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Algu Rai Shastri: The socialist who vociferously denounced English as a foreign language

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Algu Rai Shastri, a member of the Constituent Assembly, was against forced religious conversions and known for denouncing views of religious minorities.

New Delhi: Algu Rai Shastri, a member of the Constituent Assembly, was a socialist who strongly backed the demand to conduct government proceedings in Hindi. He denounced English as a foreign language that should have left with the British.

Among the more radical of the Congress leaders, Shastri, a staunch member of the Arya Samaj, also debated vociferously against forced religious conversions and was known for denouncing views of religious minorities.

Early life

Shastri was born in the United Provinces’s (now Uttar Pradesh) Mau district on 29 January 1900. He received his education from the Mission School in Varanasi (then Banaras) and graduated from Kashi Vidyapith University in the same city.

He held several political portfolios in his life. He was the secretary of the Meerut District Congress Committee from 1928-1930, secretary of the Delhi Provincial Congress Committee from 1930-1933, Member of Legislative Assembly of United Provinces during the period 1937-1952 and president of the Uttar Pradesh Congress Committee in 1951.

He was also a member of several committees and political bodies. Shastri had been a member of the All India Congress Committee from 1928 up until his death in 1967.

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Role in the Constituent Assembly

Shastri’s opening speech in the assembly was one of resounding support to a resolution moved by then Prime Minister Jawaharlal Nehru that aimed to affirm India’s status as an Independent Sovereign Republic and for rights to be granted to all citizens based on key fundamental principles.

His speech also outlined the territories, then not part of the country, that he said should be a part of India.

“The territories of Pondicherry, Goa, Daman and Diu, at present under foreign domination, also form parts of India. I wish these all together with Nepal, Bhutan and Sikkim, which constitute our frontier, should also be included in this free land,” he said.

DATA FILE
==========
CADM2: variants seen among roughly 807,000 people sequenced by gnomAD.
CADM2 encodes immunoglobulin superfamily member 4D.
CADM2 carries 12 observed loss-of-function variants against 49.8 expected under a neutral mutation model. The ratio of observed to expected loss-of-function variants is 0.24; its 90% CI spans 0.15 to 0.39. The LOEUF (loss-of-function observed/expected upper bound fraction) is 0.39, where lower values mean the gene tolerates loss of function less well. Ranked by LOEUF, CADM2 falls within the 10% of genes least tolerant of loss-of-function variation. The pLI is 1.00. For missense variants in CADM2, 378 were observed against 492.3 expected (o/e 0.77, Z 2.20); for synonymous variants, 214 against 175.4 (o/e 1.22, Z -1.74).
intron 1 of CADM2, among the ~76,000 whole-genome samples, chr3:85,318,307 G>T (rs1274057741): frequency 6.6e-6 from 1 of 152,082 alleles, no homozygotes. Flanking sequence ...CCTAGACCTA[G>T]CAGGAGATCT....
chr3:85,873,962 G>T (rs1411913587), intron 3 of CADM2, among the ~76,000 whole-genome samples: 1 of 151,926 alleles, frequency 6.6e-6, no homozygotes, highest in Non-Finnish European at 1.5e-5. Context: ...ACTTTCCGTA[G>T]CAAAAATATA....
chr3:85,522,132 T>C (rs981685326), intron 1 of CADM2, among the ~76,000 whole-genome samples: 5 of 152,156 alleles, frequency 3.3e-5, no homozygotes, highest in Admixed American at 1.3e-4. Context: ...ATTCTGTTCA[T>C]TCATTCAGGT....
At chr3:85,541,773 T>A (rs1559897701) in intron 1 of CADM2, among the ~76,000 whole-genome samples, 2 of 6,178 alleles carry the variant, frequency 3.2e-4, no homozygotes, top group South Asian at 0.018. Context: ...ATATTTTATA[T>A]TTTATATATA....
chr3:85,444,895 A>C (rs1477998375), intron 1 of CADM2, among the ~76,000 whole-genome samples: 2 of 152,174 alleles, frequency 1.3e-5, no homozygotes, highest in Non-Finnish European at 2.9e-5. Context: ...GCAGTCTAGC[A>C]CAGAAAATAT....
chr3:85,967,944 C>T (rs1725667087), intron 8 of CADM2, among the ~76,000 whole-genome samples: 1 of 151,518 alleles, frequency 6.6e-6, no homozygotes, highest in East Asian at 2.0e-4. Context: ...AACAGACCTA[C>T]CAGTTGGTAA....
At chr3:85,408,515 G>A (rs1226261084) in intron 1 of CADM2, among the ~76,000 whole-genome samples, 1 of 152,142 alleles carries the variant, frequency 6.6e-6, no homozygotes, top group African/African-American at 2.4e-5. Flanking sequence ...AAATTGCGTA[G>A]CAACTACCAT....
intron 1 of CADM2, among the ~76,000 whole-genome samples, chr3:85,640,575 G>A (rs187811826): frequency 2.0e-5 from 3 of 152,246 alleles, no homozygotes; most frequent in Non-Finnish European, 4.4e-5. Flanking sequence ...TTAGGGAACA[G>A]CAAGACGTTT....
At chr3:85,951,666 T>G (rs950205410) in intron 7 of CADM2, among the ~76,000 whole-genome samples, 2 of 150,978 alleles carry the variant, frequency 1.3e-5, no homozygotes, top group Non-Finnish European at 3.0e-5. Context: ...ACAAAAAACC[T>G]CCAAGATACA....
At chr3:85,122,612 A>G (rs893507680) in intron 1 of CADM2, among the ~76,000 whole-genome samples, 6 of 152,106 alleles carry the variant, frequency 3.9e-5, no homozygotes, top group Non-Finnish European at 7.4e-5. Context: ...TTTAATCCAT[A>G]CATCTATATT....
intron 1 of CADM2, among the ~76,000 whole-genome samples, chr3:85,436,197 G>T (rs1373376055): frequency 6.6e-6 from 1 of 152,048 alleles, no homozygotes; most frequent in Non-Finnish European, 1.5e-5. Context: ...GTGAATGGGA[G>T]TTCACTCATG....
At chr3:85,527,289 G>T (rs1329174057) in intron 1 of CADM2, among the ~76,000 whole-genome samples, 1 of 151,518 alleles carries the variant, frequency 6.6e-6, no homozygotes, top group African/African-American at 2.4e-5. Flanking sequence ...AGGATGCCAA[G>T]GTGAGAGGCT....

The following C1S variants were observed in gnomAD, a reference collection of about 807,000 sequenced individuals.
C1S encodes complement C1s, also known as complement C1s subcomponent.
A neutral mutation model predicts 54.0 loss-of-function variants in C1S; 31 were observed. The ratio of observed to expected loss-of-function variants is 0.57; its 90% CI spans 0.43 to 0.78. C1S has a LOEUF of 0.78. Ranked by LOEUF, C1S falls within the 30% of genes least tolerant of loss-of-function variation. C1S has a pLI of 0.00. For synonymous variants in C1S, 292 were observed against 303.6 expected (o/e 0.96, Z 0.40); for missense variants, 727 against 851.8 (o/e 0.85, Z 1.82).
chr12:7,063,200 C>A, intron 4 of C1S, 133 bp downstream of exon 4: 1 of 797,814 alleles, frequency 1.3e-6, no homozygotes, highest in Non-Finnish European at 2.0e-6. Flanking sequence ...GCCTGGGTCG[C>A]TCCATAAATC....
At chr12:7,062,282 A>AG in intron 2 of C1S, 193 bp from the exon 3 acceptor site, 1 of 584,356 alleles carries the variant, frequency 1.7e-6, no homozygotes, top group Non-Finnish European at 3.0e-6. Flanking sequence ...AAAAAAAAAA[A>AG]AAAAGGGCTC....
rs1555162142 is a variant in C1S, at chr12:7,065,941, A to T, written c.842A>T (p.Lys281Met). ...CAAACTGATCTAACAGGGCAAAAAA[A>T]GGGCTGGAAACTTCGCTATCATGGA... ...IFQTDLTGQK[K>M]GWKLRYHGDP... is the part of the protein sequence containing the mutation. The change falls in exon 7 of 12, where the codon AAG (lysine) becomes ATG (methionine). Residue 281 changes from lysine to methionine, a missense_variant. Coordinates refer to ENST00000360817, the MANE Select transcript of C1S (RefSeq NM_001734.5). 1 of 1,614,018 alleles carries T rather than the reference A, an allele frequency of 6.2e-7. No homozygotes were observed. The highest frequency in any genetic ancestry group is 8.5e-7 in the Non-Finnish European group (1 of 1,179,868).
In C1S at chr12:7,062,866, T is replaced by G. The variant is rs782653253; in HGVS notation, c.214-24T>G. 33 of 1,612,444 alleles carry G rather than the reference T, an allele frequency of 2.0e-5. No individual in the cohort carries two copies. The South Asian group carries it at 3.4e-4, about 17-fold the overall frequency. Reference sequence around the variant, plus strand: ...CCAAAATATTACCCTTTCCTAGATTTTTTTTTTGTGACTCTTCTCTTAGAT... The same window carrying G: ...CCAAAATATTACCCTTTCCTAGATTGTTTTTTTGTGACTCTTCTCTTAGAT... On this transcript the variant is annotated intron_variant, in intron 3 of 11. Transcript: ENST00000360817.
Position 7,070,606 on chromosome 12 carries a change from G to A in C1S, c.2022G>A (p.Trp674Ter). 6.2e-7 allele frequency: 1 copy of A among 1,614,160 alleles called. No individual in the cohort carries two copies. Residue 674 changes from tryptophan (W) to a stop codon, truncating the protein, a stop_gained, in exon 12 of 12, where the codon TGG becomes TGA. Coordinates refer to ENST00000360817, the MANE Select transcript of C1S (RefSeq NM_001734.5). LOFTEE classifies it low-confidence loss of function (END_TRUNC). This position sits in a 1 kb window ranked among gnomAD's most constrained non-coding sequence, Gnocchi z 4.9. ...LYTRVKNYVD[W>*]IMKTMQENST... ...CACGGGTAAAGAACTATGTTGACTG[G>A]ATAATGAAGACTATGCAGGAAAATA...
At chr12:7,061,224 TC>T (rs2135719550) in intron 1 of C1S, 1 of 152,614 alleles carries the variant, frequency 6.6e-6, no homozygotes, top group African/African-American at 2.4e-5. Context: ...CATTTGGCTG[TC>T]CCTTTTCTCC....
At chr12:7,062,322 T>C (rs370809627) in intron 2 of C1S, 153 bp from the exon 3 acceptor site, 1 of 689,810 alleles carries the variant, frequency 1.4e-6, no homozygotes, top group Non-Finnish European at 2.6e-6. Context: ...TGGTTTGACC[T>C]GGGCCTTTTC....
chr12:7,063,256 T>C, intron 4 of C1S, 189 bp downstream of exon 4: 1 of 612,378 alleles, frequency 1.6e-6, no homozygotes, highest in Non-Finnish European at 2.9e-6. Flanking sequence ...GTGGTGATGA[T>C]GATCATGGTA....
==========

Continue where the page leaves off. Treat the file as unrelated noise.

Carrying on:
It was also during this speech that he asserted his resolve to address the assembly only in Hindi.

On religious conversions

Shastri vehemently supported an amendment calling for legislation against ‘forced’ religious conversions, particularly arguing that at no cost should children be allowed to succumb to such conversions even if for some unavoidable reasons their parents had to.

“You tempt the innocent little ones whom you take in your lap, by a suit of clothes, a piece of bread and a little toy and thus you ruin their lives. Later, they repent that they did not get an opportunity to have a religion of their choice,” he said.

On tabling amendments in Hindi  

Time and again, Shastri sought to get Hindi as the preferred language for discussing the draft versions of the Constitution during the assembly’s sessions.

Although president of the Constituent Assembly Dr. Rajendra Prasad reminded Shastri that the final version of the Constitution would be framed in Hindi, Shastri remained steadfast in arguing not only that the original draft of the Constitution be prepared in Hindi but the amendments that were being tabled in the Assembly should also be in Hindi, and not in English.

Also read: Gokulbhai Bhatt, the Constituent Assembly member who called the Constitution ‘un-Indian’

Ultra-socialism and death

Shastri was an ultra-socialist but was part of the Arya Samaj, a Hindu reform movement launched in 1875, which renounced Hinduism’s traditional practices such as idol worship, practice of untouchability, belief in multiple gods, and aimed at reaffirming the supremacy of Vedic scriptures and their teachings.

Shastri launched his Samaj-related activism in Meerut district.

In a speech in December 1933, as secretary of the All-India Achhutdhar Committee (worked towards uplifting the lives of untouchables), he underscored the role socialism could play in elevating the social stature of the ‘depressed classes’.

Over the years, he then gradually based his speeches and activism from a more ‘Hindu’ vantage point on matters of political importance, even dismissing and condemning views of other religious communities such as Muslims.

By 1946, Shastri was no more a believer of the key tenets of Mahatma Gandhi’s satyagraha movement and, instead, hailed the credibility of physical organisation and militaristic volunteer movements in defending one’s country, religion and community.

He passed away on 12 February 1967.

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